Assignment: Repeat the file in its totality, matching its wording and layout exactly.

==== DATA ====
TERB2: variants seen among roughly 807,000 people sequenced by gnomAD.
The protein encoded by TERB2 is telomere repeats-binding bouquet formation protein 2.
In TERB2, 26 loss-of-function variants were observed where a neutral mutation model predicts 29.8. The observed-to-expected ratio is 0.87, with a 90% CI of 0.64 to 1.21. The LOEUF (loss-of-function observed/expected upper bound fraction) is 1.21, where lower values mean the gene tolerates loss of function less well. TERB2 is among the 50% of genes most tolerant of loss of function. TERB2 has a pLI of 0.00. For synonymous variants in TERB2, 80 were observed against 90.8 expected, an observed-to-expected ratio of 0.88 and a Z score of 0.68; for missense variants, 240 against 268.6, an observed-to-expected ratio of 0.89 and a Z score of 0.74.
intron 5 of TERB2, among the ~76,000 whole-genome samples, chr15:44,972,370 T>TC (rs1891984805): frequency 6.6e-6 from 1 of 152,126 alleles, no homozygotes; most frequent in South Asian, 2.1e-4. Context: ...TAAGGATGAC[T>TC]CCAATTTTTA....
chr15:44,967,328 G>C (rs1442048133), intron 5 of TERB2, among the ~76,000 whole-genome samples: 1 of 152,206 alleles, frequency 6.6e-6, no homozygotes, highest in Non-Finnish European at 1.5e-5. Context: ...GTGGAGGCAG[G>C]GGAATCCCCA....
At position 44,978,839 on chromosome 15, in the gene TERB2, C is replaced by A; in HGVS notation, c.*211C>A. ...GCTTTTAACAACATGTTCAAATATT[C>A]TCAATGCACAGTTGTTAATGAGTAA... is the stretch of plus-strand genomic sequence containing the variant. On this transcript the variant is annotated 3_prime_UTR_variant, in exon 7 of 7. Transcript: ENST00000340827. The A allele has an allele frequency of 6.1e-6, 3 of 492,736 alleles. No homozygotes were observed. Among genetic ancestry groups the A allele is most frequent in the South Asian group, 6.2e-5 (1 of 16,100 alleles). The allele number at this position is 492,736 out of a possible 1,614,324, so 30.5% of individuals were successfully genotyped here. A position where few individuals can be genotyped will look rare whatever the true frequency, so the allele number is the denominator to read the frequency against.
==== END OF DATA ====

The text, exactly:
TERB2: variants seen among roughly 807,000 people sequenced by gnomAD.
The protein encoded by TERB2 is telomere repeats-binding bouquet formation protein 2.
In TERB2, 26 loss-of-function variants were observed where a neutral mutation model predicts 29.8. The observed-to-expected ratio is 0.87, with a 90% CI of 0.64 to 1.21. The LOEUF (loss-of-function observed/expected upper bound fraction) is 1.21, where lower values mean the gene tolerates loss of function less well. TERB2 is among the 50% of genes most tolerant of loss of function. TERB2 has a pLI of 0.00. For synonymous variants in TERB2, 80 were observed against 90.8 expected, an observed-to-expected ratio of 0.88 and a Z score of 0.68; for missense variants, 240 against 268.6, an observed-to-expected ratio of 0.89 and a Z score of 0.74.
intron 5 of TERB2, among the ~76,000 whole-genome samples, chr15:44,972,370 T>TC (rs1891984805): frequency 6.6e-6 from 1 of 152,126 alleles, no homozygotes; most frequent in South Asian, 2.1e-4. Context: ...TAAGGATGAC[T>TC]CCAATTTTTA....
chr15:44,967,328 G>C (rs1442048133), intron 5 of TERB2, among the ~76,000 whole-genome samples: 1 of 152,206 alleles, frequency 6.6e-6, no homozygotes, highest in Non-Finnish European at 1.5e-5. Context: ...GTGGAGGCAG[G>C]GGAATCCCCA....
At position 44,978,839 on chromosome 15, in the gene TERB2, C is replaced by A; in HGVS notation, c.*211C>A. ...GCTTTTAACAACATGTTCAAATATT[C>A]TCAATGCACAGTTGTTAATGAGTAA... is the stretch of plus-strand genomic sequence containing the variant. On this transcript the variant is annotated 3_prime_UTR_variant, in exon 7 of 7. Transcript: ENST00000340827. The A allele has an allele frequency of 6.1e-6, 3 of 492,736 alleles. No homozygotes were observed. Among genetic ancestry groups the A allele is most frequent in the South Asian group, 6.2e-5 (1 of 16,100 alleles). The allele number at this position is 492,736 out of a possible 1,614,324, so 30.5% of individuals were successfully genotyped here. A position where few individuals can be genotyped will look rare whatever the true frequency, so the allele number is the denominator to read the frequency against.